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Catholic Faith
Vol. 4 - #1, Jan / Feb 1998

by Fr. John A. Hardon, S.J.

Q.  How can evil exist if God did not create it? —M.C., Maryland

A.  Evil in general is the privation of a good that should be present. It is the lack of a good that essentially belongs or is due to a being. Evil is therefore the absence of what ought to be there.

Physical evil is the privation of a natural good desired by a human being. It is the absence of some satisfaction desired by a human appetite, whether spiritual or bodily. In general, it may be equated with pain. It is the loss or deprivation of what a person wants.

Moral evil is sin, as distinct from physical evil, which is some form of suffering. It is evil because it is contrary to the will of God; it is moral evil because it is caused by a free, created will acting against the law of God, who does not want moral evil as an end or as a means. The Council of Trent condemned the contrary doctrine. God simply permits moral evil because of consideration of human freedom, and because he has the wisdom and power to cause good to arise from evil. In the end, moral evil will serve the supreme purpose of the universe, the glorification of God, since it reveals both His mercy in forgiving and His justice in punishing.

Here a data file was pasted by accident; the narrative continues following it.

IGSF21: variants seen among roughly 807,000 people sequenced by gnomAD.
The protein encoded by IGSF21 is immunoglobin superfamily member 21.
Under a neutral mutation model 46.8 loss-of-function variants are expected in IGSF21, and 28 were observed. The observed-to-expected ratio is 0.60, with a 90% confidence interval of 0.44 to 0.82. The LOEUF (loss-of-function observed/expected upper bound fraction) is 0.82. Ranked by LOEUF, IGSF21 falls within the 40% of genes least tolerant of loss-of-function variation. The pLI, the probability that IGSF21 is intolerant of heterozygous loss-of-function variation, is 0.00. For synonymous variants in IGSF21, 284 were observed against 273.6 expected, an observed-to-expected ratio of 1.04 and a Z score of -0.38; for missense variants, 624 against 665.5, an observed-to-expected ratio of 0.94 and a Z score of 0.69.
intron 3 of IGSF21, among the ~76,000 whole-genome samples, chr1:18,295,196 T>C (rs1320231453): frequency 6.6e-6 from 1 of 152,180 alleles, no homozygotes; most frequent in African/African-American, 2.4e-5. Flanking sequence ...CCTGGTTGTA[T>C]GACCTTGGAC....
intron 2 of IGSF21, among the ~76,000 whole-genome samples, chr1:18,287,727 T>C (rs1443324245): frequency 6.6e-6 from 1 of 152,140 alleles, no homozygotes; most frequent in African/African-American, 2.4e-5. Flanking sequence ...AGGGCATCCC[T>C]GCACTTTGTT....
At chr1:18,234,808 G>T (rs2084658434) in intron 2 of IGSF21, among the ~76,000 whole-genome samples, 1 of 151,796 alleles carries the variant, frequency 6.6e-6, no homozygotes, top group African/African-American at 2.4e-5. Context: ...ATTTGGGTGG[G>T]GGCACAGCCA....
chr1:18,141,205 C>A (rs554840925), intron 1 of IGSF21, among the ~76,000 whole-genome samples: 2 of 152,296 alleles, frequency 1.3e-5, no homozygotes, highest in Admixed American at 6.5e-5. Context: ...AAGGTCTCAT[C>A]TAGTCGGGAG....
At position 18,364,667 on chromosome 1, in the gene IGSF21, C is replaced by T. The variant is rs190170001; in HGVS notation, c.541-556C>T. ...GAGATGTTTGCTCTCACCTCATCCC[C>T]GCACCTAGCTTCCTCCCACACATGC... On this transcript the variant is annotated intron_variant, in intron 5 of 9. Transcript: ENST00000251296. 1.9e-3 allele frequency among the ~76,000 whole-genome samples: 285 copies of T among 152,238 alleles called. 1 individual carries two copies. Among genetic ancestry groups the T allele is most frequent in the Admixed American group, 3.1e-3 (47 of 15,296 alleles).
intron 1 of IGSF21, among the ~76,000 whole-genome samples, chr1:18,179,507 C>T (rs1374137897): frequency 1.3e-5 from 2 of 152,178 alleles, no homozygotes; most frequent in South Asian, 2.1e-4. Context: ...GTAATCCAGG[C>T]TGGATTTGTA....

Q.  Could you provide me a list of good Catholic books to read? —M.L., North Carolina

A.  The most comprehensive list of good Catholic books is contained in The Catholic Lifetime Reading Plan. Originally published by Doubleday, the book is now out of print. However, Grotto Press plans to republish it soon.

Q.  Please explain how and when pride is sinful? —D.K., Washington

A.  As ordinarily defined, pride is the inordinate esteem of oneself. It is inordinate because it is contrary to the truth. It is essentially an act or disposition of the will desiring to be considered better than a person really is. Pride may be expressed in different ways: by taking personal credit for gifts or possessions, as if they had not been received from God; by glorying in achievements, as if they were not primarily the result of divine goodness and grace; by minimizing one’s defects or claiming qualities that are not actually possessed; by holding oneself superior to others or disdaining them because they lack what the proud person has; by magnifying the defects of others or dwelling on them. When pride is carried to the extent that a person is unwilling to acknowledge dependence on God and refuses to submit his or her will to God or lawful authority, it is a grave sin. The gravity depends on how totally a person contemns God or those who take His place.

It is not pride to appreciate the natural or supernatural gifts that we possess. The secret is to see them as the gifts of God and not something which is really our own. Our Lady makes this clear in her Magnificat when she praises God for the wonderful gifts He has given her and used these gifts according to His will.

Catholic Faith
Vol. 4 - #1, Jan / Feb 1998

Copyright © 1998 by Inter Mirifica
No reproductions shall be made without prior written permission

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